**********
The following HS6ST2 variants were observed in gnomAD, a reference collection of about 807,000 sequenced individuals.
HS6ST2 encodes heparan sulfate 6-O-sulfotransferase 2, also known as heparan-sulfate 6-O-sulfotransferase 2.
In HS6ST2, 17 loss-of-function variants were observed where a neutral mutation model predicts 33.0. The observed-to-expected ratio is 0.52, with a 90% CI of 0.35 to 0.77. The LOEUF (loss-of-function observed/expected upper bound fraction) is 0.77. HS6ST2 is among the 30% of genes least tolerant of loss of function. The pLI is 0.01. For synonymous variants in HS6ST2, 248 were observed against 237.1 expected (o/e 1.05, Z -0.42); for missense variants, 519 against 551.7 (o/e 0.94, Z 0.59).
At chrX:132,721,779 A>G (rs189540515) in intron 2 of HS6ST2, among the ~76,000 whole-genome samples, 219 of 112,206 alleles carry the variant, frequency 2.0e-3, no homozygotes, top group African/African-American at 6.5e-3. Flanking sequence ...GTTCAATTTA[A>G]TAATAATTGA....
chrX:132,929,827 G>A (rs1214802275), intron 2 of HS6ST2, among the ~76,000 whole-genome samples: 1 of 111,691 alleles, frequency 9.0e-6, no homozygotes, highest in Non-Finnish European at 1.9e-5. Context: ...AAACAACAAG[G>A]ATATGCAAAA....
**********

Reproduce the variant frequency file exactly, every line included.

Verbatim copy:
The following HS6ST2 variants were observed in gnomAD, a reference collection of about 807,000 sequenced individuals.
HS6ST2 encodes heparan sulfate 6-O-sulfotransferase 2, also known as heparan-sulfate 6-O-sulfotransferase 2.
In HS6ST2, 17 loss-of-function variants were observed where a neutral mutation model predicts 33.0. The observed-to-expected ratio is 0.52, with a 90% CI of 0.35 to 0.77. The LOEUF (loss-of-function observed/expected upper bound fraction) is 0.77. HS6ST2 is among the 30% of genes least tolerant of loss of function. The pLI is 0.01. For synonymous variants in HS6ST2, 248 were observed against 237.1 expected (o/e 1.05, Z -0.42); for missense variants, 519 against 551.7 (o/e 0.94, Z 0.59).
At chrX:132,721,779 A>G (rs189540515) in intron 2 of HS6ST2, among the ~76,000 whole-genome samples, 219 of 112,206 alleles carry the variant, frequency 2.0e-3, no homozygotes, top group African/African-American at 6.5e-3. Flanking sequence ...GTTCAATTTA[A>G]TAATAATTGA....
chrX:132,929,827 G>A (rs1214802275), intron 2 of HS6ST2, among the ~76,000 whole-genome samples: 1 of 111,691 alleles, frequency 9.0e-6, no homozygotes, highest in Non-Finnish European at 1.9e-5. Context: ...AAACAACAAG[G>A]ATATGCAAAA....